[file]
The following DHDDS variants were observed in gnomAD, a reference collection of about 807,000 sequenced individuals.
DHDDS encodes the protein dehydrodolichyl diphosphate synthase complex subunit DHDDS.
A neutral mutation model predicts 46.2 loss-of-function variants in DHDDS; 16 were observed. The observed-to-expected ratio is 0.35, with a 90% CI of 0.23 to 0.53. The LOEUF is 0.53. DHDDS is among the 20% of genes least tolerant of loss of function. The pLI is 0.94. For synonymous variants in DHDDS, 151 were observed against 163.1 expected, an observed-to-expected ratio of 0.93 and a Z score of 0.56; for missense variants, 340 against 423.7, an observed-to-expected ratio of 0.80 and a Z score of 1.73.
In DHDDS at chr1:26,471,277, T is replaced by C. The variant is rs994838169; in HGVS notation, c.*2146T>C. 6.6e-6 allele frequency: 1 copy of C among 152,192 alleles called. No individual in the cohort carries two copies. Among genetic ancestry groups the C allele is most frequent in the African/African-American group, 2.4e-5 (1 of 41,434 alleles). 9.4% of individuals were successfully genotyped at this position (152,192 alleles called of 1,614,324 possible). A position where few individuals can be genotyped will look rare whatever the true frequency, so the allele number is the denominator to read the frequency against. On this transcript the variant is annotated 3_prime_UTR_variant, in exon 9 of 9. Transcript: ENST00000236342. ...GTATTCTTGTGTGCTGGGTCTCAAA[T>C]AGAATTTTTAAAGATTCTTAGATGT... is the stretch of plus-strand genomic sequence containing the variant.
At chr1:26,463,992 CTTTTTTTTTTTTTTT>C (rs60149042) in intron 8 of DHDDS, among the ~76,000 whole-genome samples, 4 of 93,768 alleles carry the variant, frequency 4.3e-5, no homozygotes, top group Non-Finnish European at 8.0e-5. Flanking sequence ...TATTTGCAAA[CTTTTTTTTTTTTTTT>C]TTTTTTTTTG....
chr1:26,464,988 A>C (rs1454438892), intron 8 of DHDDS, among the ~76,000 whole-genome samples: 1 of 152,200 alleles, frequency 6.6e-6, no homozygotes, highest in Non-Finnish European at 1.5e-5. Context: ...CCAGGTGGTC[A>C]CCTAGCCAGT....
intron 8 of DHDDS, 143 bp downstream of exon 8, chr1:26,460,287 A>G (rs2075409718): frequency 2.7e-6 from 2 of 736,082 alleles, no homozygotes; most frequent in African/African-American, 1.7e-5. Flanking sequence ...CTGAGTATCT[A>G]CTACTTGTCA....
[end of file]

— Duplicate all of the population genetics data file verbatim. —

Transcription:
The following DHDDS variants were observed in gnomAD, a reference collection of about 807,000 sequenced individuals.
DHDDS encodes the protein dehydrodolichyl diphosphate synthase complex subunit DHDDS.
A neutral mutation model predicts 46.2 loss-of-function variants in DHDDS; 16 were observed. The observed-to-expected ratio is 0.35, with a 90% CI of 0.23 to 0.53. The LOEUF is 0.53. DHDDS is among the 20% of genes least tolerant of loss of function. The pLI is 0.94. For synonymous variants in DHDDS, 151 were observed against 163.1 expected, an observed-to-expected ratio of 0.93 and a Z score of 0.56; for missense variants, 340 against 423.7, an observed-to-expected ratio of 0.80 and a Z score of 1.73.
In DHDDS at chr1:26,471,277, T is replaced by C. The variant is rs994838169; in HGVS notation, c.*2146T>C. 6.6e-6 allele frequency: 1 copy of C among 152,192 alleles called. No individual in the cohort carries two copies. Among genetic ancestry groups the C allele is most frequent in the African/African-American group, 2.4e-5 (1 of 41,434 alleles). 9.4% of individuals were successfully genotyped at this position (152,192 alleles called of 1,614,324 possible). A position where few individuals can be genotyped will look rare whatever the true frequency, so the allele number is the denominator to read the frequency against. On this transcript the variant is annotated 3_prime_UTR_variant, in exon 9 of 9. Transcript: ENST00000236342. ...GTATTCTTGTGTGCTGGGTCTCAAA[T>C]AGAATTTTTAAAGATTCTTAGATGT... is the stretch of plus-strand genomic sequence containing the variant.
At chr1:26,463,992 CTTTTTTTTTTTTTTT>C (rs60149042) in intron 8 of DHDDS, among the ~76,000 whole-genome samples, 4 of 93,768 alleles carry the variant, frequency 4.3e-5, no homozygotes, top group Non-Finnish European at 8.0e-5. Flanking sequence ...TATTTGCAAA[CTTTTTTTTTTTTTTT>C]TTTTTTTTTG....
chr1:26,464,988 A>C (rs1454438892), intron 8 of DHDDS, among the ~76,000 whole-genome samples: 1 of 152,200 alleles, frequency 6.6e-6, no homozygotes, highest in Non-Finnish European at 1.5e-5. Context: ...CCAGGTGGTC[A>C]CCTAGCCAGT....
intron 8 of DHDDS, 143 bp downstream of exon 8, chr1:26,460,287 A>G (rs2075409718): frequency 2.7e-6 from 2 of 736,082 alleles, no homozygotes; most frequent in African/African-American, 1.7e-5. Flanking sequence ...CTGAGTATCT[A>G]CTACTTGTCA....